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SEMINAR TASK

Read the following case and answer the questions at the end.

U.S. Pharmaceuticals

U.S. Pharmaceuticals (USP) is an American firm which has about 30% of its sales outside
the United States. USP concentrates on ethical drugs but has also diversified into animal
health products, cosmetics and patent medicines. These other lines account for around
25% of USP’s 800 million Dollars sales.

USPs international business is conducted in 70 countries, mostly through distributors. In


six countries however it has manufacturing or compounding operations. (Compounding
refers to the local mixing, assembling, and packaging of critical ingredients shipped from
the US.) USP’s only Latin American manufacturing/compounding operations are in
Latinia, a country with a population of about 30 million. Some products are shipped from
Latinia to other Latin American markets.

USP’s Latinian plant is operated by the pharmaceutical division. It is engaged in the


production and especially the compounding of USP’s ethical drug line. It does no work
for other USP divisions. All the other divisions which also sell in Latinia, export their
finished products from plants in the United States. The Latinian plant employs 330
people, of who only two are North American - the General Manager, Tom Hawley, and
the Director of Quality Control, Frixos Massialas.

USP’s cosmetics and toiletries business accounts for 150 million Dollars in sales and is
handled by a separate division - Cosmetics and Toiletries. The division sells in only 38 of
USP’s 70 foreign markets. One of the division’s better foreign markets is Latinia, where it
has sales of over 8 million Dollars and an acceptable market position. Cosmetics and
toiletries has a marketing subsidiary in Latinia to handle its business there. Jim
Richardson, an American, heads the subsidiary. The rest of the staff are Latinians.

Jim Richardson is very disturbed by the latest news from the Latinian Ministry of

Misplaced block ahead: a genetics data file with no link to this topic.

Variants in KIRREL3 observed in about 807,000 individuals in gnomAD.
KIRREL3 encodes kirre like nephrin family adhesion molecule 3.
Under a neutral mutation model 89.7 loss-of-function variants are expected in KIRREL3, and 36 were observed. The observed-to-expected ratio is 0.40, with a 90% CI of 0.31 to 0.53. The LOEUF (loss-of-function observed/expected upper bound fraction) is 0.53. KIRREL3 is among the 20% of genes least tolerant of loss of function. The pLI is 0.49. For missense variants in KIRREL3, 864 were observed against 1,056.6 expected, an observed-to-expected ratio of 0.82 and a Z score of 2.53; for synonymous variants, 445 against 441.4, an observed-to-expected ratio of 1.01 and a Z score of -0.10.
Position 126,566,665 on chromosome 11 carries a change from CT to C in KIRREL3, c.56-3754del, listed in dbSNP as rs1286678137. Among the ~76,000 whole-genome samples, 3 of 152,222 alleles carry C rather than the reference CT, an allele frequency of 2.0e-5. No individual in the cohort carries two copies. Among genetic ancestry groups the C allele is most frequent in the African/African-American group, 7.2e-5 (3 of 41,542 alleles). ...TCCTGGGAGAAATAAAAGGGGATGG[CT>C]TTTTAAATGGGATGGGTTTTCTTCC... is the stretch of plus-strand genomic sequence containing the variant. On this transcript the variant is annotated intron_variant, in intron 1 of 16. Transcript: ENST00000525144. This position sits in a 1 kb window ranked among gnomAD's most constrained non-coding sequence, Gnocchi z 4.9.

International Trade. Tariffs were being increased on many ‘non-essential products’
because of the balance of payments pressures the country had been under during the last
eighteen months. For USP’s Cosmetics and Toiletries this meant a rise in the tariffs it
pays from 20% to 50% ad valorem. The 20% duty had posed no particular problems
because of the prestige of the imported product and the consumer franchise it had
established, Richardson explained. He felt, however, that the 50% duty was probably an
insurmountable barrier.

Cosmetics and toiletries competition in Latinia was about evenly divided between local
firms and other international companies from Europe and North America. Jim felt that
local firms which had about 40% of the market, stood to benefit greatly from the tariff
increase unless the international firms could find a satisfactory response. When Jim got
the news of the tariff increase, which was to be imposed on the first of October - one
week away - he called a meeting with Deborah Neale, Manager, Cosmetics Marketing
and Emilio Illanes, Manager, Toiletries Marketing, to consider what Cosmetics and
Toiletries should do.

Several different alternatives were put forward at the hastily called meeting. Deborah
suggested, “We could continue importing, pay the high duty, and change the positioning
strategy to appeal to a high price, quality market.” Another idea was to import the
primary ingredients and assemble (compound) and package them in Latinia. (Duties on
the imported ingredients ranged from 10%-35% ad valorem. Emilio suggested asking
Cosmetics and Toiletries in the United States for a lower price on the products shipped to
Latinia so that the duty would have a lesser impact on the final price in the local market.
Jim mentioned the alternative that none of them wanted to think about. “If we can’t
compete at those high prices, we may have to give up the market.”

(Adapted from Terpstra, V and Sarathy, International Marketing, 5th ed. p53-54)

1. Evaluate the alternatives that were brought up at the meeting.

2. Propose and defend a course of action.

3. How would your response differ if, instead of a tariff increase, Latinia had imposed a
quota cutting the imports of these products by 75%?